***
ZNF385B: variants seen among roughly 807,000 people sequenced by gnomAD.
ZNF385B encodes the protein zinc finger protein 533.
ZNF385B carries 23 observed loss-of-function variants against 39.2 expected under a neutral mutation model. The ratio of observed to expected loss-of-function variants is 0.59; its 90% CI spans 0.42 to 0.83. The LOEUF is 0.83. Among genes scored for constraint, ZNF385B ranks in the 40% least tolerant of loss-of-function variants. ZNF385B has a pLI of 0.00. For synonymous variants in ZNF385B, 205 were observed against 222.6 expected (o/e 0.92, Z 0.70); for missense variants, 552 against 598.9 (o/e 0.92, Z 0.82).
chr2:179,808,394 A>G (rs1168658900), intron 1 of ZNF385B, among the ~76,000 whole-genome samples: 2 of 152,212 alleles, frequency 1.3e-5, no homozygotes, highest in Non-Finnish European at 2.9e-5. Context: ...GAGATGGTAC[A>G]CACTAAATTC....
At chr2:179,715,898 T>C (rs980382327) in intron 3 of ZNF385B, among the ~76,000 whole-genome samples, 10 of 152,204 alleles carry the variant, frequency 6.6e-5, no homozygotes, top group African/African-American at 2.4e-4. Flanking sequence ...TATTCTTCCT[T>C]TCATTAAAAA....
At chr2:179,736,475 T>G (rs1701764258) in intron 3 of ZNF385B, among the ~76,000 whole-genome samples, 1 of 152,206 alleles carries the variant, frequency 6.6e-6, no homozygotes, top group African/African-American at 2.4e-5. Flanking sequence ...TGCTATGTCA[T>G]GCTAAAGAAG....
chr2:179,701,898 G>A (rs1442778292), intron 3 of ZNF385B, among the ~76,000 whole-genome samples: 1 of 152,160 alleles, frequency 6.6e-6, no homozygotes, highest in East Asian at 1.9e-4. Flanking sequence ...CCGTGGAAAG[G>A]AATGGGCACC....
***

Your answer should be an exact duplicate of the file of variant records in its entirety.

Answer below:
ZNF385B: variants seen among roughly 807,000 people sequenced by gnomAD.
ZNF385B encodes the protein zinc finger protein 533.
ZNF385B carries 23 observed loss-of-function variants against 39.2 expected under a neutral mutation model. The ratio of observed to expected loss-of-function variants is 0.59; its 90% CI spans 0.42 to 0.83. The LOEUF is 0.83. Among genes scored for constraint, ZNF385B ranks in the 40% least tolerant of loss-of-function variants. ZNF385B has a pLI of 0.00. For synonymous variants in ZNF385B, 205 were observed against 222.6 expected (o/e 0.92, Z 0.70); for missense variants, 552 against 598.9 (o/e 0.92, Z 0.82).
chr2:179,808,394 A>G (rs1168658900), intron 1 of ZNF385B, among the ~76,000 whole-genome samples: 2 of 152,212 alleles, frequency 1.3e-5, no homozygotes, highest in Non-Finnish European at 2.9e-5. Context: ...GAGATGGTAC[A>G]CACTAAATTC....
At chr2:179,715,898 T>C (rs980382327) in intron 3 of ZNF385B, among the ~76,000 whole-genome samples, 10 of 152,204 alleles carry the variant, frequency 6.6e-5, no homozygotes, top group African/African-American at 2.4e-4. Flanking sequence ...TATTCTTCCT[T>C]TCATTAAAAA....
At chr2:179,736,475 T>G (rs1701764258) in intron 3 of ZNF385B, among the ~76,000 whole-genome samples, 1 of 152,206 alleles carries the variant, frequency 6.6e-6, no homozygotes, top group African/African-American at 2.4e-5. Flanking sequence ...TGCTATGTCA[T>G]GCTAAAGAAG....
chr2:179,701,898 G>A (rs1442778292), intron 3 of ZNF385B, among the ~76,000 whole-genome samples: 1 of 152,160 alleles, frequency 6.6e-6, no homozygotes, highest in East Asian at 1.9e-4. Flanking sequence ...CCGTGGAAAG[G>A]AATGGGCACC....